The days are getting colder and darker, leading many cyclists to abandon their bikes. But there are so many reasons why you should keep at it in winter.

International ‘Go for a Ride Day’ (22 November) is fast approaching – and is once again urging people to get in the saddle.

The timing of the annual salute to cycling is auspicious, with more and more riders abandoning their bikes as the days become ever colder and shorter.

But, according to campaign groups, this is when wannabe Sir Bradley Wiggins have got to stick it out to ensure they are taking advantage of the benefits to be reaped from year-round cycling.

Moving more in winter can help keep us healthy, both physically and mentally, reducing the likelihood of loneliness, stress and anxiety.

You might contract a runny nose when cycling to work through the early morning frost, but exercise is likely to boost the immune system, making you more resilient to flu.

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Cycling to work in the City shouldn’t stop as soon as summer ends.

A recent study published in the Barcelona Institute for Global Health Journal stated just as much.

According to the journal, not only does cycling do wonders for your fitness, “it is also associated with better mental health, greater vitality, lower self-perceived stress and fewer feelings of loneliness”.

But cyclists choosing to brave the cold have been warned to exercise extra vigilance, too.

The London Cycling Campaign (LCC) is urging riders to invest in quality cycling gear to stay warm and dry, stressing that durable wet weather jackets, water resistant shoes and comfortable riding gloves can all contribute to a safer journey.

Regular bike maintenance is even more important during this time of year, too. Bikes need to be performing at their best in wet and dark conditions, and investing in thicker tyres is another LCC recommendation.

However, the charity’s biggest push is to get cyclists to wear more reflective clothing and to invest in better lights.

As a part of its ‘Light Up The Night’ campaign, LCC is giving away free bike lights to new members who register with them in the coming months.

Cyclists can even get discounts on new gear and bike servicing from businesses in and around the Square Mile.

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The London Cycling Campaign were one of the main players pushing to make Bank Junction safer.

The offer is similar to a City of London Corporation scheme held recently to encourage riders who live, work or travel through the City to carry lights and ensure they are visible to other road users. ‘Dark nights – free lights’ was delivered through the City Corporation’s Active City Network, the City of London.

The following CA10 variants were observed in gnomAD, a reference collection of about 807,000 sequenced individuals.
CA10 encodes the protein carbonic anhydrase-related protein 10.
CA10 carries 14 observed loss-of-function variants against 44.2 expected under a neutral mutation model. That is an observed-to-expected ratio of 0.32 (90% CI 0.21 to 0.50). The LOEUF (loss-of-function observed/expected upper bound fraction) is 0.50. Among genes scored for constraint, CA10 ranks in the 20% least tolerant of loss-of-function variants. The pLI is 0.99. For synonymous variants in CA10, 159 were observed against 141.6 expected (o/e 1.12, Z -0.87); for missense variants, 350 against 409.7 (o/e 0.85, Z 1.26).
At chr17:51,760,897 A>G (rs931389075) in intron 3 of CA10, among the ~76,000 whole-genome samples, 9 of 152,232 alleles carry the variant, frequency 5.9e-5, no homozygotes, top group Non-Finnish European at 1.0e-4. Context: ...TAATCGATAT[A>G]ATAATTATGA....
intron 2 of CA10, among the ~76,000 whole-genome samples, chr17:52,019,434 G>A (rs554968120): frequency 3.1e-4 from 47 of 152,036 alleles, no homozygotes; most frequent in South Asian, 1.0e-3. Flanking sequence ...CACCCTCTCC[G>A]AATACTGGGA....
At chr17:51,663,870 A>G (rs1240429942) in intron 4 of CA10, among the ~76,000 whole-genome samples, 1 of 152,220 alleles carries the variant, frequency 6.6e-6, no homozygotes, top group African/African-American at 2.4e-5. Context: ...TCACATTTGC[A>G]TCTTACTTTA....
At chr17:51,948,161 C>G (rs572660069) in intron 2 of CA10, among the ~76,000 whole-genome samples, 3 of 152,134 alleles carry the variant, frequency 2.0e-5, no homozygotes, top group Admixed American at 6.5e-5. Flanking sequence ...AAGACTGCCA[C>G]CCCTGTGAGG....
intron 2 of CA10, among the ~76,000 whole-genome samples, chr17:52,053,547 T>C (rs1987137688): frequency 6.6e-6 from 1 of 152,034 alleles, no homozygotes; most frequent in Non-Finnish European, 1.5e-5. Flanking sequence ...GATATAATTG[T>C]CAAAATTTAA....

Police, Thames Tideway, and the Metropolitan Police.

Alison Gowman, the City Corporation’s representative on the London Road Safety Council and chair of the Active City Network, said ensuring the safety of the 500,000 workers who commute into the Square Mile every day while they use local roads is “a top priority”.

“As a growing number of City workers choose to cycle, it is important that they take steps to ensure they can be seen by other road users in the dark.

“This campaign will help cyclists stand out in the dark, wintry nights over the coming months. Our ultimate aim is to prevent accidents and ensure the City’s streets are safe for all.”

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City Police Officers are also offering assistance to cyclists to ensure their bikes aren’t getting stolen.

On top of free lights, City Police officers offered bike marking to prevent theft, while the Metropolitan Police displayed an innovative virtual reality kit to allow cyclists to see what a driver sees and the blind spots to avoid.

Inspector Paul Doyle, from the City of London Police’s transport and highways operations group, said it is easy for cyclists to get caught out by sudden weather changes at this time of year, particularly with the clocks now turned back.

“It’s really important that all road users remember how to stay safe but also legal when travelling through the City.

“Ensuring you can be seen is a crucial part of keeping yourself and other road users safe and preventing accidents from occurring.”

The City Corporation has committed to reducing road danger to create healthy streets where people want to walk, cycle and use public transport as part of the Mayor of London’s Vision Zero Strategy.

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